Although the Japanese word judo translates to "gentle way," the judo martial art can be deadly when used in self-defense.
Some believe that judo is not very useful in the real world, mostly due to the sport's reliance on the opponent wearing the same bulky gi, or uniform. But moves that rely on the opponent wearing a gi can be easily adjusted for one wearing everyday clothes. In fact, judo moves can be so effective in real-world combat that they have become the foundation for military and police training programs all over the world.
The basic principle of judo is using the opponent's force against them. Judo teaches several types of moves, such as throws and chokeholds, that can be applied to real-world situations. The kataguruma, or shoulder wheel, will slam someone full-force into the ground and can be extremely harmful. Foot sweeps and tripping techniques can be invaluable in a fight, especially against larger, stronger attackers.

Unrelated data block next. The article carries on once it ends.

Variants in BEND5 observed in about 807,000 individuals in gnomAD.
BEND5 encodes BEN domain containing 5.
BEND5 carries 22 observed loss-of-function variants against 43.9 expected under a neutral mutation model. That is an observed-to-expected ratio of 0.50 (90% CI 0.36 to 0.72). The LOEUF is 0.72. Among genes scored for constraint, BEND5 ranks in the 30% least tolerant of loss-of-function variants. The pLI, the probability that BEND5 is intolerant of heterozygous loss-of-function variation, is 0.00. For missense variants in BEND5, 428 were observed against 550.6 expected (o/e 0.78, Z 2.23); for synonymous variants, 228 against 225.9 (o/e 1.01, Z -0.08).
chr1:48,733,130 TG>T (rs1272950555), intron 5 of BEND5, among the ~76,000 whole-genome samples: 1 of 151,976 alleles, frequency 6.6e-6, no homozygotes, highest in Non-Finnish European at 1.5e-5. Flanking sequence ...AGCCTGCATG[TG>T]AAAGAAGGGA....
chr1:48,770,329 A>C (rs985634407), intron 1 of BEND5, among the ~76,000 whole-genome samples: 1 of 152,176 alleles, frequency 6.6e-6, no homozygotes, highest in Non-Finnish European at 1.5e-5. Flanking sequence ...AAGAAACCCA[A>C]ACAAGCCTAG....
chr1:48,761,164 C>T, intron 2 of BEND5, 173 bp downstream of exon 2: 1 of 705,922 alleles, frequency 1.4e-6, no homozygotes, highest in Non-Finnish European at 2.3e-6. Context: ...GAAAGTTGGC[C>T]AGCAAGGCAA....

Good judo schools will put strong emphasis on sparring, or randori, practice. This is important for self-defense because it teaches positioning and balance. Randori practice is also essential for learning to use judo in real-world situations. After all, attacks are unpredictable. It is important to know how to think on your feet if you need to defend yourself.
Everybody, especially urban dwellers, should know basic self-defense. Using judo techniques in a real-world fight will guarantee that you will be less likely to fall. And if you do, you will know how to recover quickly and safely.
The classic judo moves, divided into seven kata or practice sequences, form the building blocks of the sport.